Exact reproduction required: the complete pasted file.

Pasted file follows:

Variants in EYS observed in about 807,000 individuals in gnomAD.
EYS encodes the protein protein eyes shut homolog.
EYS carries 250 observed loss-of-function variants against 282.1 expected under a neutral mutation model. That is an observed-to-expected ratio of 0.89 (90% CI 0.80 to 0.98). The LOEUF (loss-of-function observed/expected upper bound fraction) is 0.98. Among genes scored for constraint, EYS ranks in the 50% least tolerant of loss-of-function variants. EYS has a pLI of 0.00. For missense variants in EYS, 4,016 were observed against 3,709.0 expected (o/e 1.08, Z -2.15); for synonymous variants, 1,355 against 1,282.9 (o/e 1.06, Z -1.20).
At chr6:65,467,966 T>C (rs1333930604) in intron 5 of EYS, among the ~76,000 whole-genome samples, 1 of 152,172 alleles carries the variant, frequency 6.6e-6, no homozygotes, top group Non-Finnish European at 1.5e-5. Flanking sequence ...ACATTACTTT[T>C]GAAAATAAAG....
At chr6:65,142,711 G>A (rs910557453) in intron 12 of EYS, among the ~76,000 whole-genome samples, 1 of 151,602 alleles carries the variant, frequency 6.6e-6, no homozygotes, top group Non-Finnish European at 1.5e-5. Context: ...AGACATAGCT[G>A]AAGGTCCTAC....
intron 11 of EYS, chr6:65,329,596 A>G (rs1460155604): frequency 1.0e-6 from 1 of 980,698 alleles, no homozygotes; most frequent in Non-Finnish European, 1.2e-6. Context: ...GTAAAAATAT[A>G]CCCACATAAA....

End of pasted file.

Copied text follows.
Variants in EYS observed in about 807,000 individuals in gnomAD.
EYS encodes the protein protein eyes shut homolog.
EYS carries 250 observed loss-of-function variants against 282.1 expected under a neutral mutation model. That is an observed-to-expected ratio of 0.89 (90% CI 0.80 to 0.98). The LOEUF (loss-of-function observed/expected upper bound fraction) is 0.98. Among genes scored for constraint, EYS ranks in the 50% least tolerant of loss-of-function variants. EYS has a pLI of 0.00. For missense variants in EYS, 4,016 were observed against 3,709.0 expected (o/e 1.08, Z -2.15); for synonymous variants, 1,355 against 1,282.9 (o/e 1.06, Z -1.20).
At chr6:65,467,966 T>C (rs1333930604) in intron 5 of EYS, among the ~76,000 whole-genome samples, 1 of 152,172 alleles carries the variant, frequency 6.6e-6, no homozygotes, top group Non-Finnish European at 1.5e-5. Flanking sequence ...ACATTACTTT[T>C]GAAAATAAAG....
At chr6:65,142,711 G>A (rs910557453) in intron 12 of EYS, among the ~76,000 whole-genome samples, 1 of 151,602 alleles carries the variant, frequency 6.6e-6, no homozygotes, top group Non-Finnish European at 1.5e-5. Context: ...AGACATAGCT[G>A]AAGGTCCTAC....
intron 11 of EYS, chr6:65,329,596 A>G (rs1460155604): frequency 1.0e-6 from 1 of 980,698 alleles, no homozygotes; most frequent in Non-Finnish European, 1.2e-6. Context: ...GTAAAAATAT[A>G]CCCACATAAA....